Thanks a lot! I don't have the skills or the time for something like that (and my daughter will probably be very happy with her simplified child bike). But that's an interesting project.
My skills are limited to using a basic toolbox, and I even managed to cut my hands yesterday with a pointy bit from my daughter's bike (I still do better than my husband... :p).
From one Trail-Gator owner to another: be really careful about the interface between the Trail-Gator mounting bracket and your daughter's head stem.
The head tube on my son's Byk E-350 was almost destroyed after just one ride, which would have ruined his bike.
The Byk specifications only refer to 'alloy'. I presume this means aluminium rather than steel given it is relatively light for a kids bike. The Trail-Gator bracket almost sheared right through the wall of head tube. Perhaps a cheaper steel bike might have fared a bit better.
I got my brother to weld up a steel bracket to spread the load over almost the entire front half of the head tube. It's cut from a piece of steel pipe with a slightly wider diameter than the headtube, with a piece of innertube in between to protect the surfaces. We also extended the bracket along the top tube, which keeps my son's bike dead straight.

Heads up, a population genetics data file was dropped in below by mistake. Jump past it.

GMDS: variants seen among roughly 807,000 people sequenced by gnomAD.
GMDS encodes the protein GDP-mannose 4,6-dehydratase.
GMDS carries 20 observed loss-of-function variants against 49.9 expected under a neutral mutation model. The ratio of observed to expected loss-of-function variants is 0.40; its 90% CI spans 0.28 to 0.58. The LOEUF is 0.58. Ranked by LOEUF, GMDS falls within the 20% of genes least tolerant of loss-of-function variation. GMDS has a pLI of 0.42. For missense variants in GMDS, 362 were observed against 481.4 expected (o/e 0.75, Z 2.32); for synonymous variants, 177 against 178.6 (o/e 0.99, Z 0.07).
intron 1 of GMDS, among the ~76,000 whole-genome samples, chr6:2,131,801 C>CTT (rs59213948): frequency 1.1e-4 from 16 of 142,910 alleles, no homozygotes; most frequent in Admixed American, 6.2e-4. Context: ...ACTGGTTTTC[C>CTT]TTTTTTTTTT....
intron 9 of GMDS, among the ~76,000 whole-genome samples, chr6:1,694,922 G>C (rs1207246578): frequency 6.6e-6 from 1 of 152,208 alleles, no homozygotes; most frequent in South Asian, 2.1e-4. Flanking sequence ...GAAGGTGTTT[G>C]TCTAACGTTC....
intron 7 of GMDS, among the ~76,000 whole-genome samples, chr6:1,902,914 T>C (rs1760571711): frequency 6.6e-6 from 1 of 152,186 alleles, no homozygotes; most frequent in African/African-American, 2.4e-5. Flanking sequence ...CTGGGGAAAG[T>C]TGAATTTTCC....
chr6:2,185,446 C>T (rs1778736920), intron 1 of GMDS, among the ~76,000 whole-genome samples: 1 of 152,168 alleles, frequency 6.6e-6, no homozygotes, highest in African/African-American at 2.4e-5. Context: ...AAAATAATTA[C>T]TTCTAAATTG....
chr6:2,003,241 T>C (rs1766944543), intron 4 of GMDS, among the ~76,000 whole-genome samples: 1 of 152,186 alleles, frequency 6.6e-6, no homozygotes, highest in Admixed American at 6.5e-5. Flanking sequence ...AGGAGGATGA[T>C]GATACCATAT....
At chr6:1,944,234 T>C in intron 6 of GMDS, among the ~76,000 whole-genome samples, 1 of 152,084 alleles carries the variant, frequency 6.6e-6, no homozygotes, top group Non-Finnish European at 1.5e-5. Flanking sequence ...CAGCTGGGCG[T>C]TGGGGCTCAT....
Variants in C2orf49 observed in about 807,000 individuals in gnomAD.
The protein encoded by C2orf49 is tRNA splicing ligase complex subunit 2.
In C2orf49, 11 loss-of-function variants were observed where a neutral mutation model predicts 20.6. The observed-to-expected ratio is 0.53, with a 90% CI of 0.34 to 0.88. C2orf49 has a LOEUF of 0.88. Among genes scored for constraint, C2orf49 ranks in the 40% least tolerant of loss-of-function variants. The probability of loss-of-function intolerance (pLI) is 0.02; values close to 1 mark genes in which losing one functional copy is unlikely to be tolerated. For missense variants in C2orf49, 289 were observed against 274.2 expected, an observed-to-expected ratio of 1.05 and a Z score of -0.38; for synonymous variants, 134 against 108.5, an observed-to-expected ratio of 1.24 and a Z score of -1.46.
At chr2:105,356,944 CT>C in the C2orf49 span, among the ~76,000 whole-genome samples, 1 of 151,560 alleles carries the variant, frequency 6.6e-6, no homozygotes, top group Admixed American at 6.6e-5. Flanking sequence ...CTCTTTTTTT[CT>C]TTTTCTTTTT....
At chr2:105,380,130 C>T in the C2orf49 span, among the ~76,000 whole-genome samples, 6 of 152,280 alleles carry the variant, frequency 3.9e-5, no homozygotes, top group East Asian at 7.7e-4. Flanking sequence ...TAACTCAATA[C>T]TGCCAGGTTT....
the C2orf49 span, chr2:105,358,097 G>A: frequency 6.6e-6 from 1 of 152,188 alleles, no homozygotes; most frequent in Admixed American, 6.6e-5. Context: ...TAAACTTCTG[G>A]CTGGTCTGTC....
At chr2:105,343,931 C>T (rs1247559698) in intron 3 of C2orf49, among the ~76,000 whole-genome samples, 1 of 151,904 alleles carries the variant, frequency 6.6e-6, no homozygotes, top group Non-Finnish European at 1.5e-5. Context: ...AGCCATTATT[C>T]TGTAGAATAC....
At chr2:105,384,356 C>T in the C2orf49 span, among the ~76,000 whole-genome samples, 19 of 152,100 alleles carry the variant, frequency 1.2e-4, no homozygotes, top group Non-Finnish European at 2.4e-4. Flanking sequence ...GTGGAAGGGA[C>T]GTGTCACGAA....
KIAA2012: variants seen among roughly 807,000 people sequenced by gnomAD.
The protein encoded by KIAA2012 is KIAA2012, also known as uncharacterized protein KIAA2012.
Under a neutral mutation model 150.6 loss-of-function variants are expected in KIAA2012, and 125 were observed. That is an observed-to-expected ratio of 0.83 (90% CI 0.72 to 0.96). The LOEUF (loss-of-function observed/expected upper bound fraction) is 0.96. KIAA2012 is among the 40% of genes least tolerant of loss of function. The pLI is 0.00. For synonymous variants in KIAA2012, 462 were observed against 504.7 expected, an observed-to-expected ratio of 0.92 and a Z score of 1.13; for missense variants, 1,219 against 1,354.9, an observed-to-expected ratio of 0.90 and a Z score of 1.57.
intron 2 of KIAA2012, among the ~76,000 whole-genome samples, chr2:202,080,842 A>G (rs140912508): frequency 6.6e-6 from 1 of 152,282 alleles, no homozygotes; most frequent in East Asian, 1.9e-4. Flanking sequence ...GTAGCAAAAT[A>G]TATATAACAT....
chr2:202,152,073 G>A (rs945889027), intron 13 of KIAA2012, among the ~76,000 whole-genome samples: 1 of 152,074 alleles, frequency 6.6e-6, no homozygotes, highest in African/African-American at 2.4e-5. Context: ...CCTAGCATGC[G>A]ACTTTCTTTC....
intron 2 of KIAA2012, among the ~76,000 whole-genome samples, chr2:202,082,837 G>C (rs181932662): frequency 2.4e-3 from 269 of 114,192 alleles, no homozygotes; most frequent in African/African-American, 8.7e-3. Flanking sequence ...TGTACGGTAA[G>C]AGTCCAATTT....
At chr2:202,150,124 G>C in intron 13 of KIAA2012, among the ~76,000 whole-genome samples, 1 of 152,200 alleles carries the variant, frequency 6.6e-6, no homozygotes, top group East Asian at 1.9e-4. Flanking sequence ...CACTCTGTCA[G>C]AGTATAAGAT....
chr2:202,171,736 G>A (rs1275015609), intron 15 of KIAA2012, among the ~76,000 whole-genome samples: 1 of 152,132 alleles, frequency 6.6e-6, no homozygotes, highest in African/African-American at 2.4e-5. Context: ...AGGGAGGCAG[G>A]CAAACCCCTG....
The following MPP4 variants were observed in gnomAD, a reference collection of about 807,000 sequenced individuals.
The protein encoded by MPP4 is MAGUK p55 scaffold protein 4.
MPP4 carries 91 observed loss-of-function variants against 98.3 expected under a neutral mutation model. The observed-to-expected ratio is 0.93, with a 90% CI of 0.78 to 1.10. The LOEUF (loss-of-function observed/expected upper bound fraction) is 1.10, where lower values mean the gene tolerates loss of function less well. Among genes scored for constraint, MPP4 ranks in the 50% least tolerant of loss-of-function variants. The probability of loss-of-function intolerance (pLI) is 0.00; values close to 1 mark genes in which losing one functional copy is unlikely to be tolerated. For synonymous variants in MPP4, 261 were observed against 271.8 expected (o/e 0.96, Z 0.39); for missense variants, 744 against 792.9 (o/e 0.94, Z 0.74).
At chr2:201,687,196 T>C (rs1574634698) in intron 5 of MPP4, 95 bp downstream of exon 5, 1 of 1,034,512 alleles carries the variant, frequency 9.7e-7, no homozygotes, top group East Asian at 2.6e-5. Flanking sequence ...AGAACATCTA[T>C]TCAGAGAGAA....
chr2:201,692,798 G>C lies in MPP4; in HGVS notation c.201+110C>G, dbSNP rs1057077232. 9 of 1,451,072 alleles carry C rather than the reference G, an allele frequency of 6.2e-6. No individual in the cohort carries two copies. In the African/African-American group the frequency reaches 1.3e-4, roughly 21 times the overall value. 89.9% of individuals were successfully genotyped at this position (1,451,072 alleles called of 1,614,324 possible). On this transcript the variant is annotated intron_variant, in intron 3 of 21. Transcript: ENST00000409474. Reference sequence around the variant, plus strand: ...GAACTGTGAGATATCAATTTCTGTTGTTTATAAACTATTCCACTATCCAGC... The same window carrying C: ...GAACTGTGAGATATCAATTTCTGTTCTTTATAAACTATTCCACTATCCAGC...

Now we use it every day, and love it. But without that bracket the Trail-Gator could have never been used again with his bike.
byke.com.au - Find the cheapest cycling gear from your favourite stores
Thanks for the tips, Byke. I have read the same advices somewhere else, but I don't worry too much because my daughter's bike is a cheap heavy sturdy one (and I understood it would suffer less from that problem (?)).
After hoooooours of installing that thing, I have decided that, if it had to be done again, I wouldn't buy it again. Jeeez, that is so difficult to instal, with these silly padded nuts which take forever to tighten and so on. It's just too hard. Plus, the flip up training wheels are not good at all. The "flip up" idea is just silly, and they sell us the whole pack of wheels and everything, though the only difference with normal training wheels is that kind of big "easy" nut. Why don't they sell only these two nuts? All that for a clunky not-so-easy result... If I'd known before, I would have saved my money and ride with a spanner.
Anyway, I did it. And my daughter was really excited about it. But then we tried and she completely freaked out. She just wanted to go down, we haven't been able to ride one meter. So maybe that wasn't the smartest option for her. We will try again in a few months. Who knows? By then, maybe she will feel more confident with me controlling everything...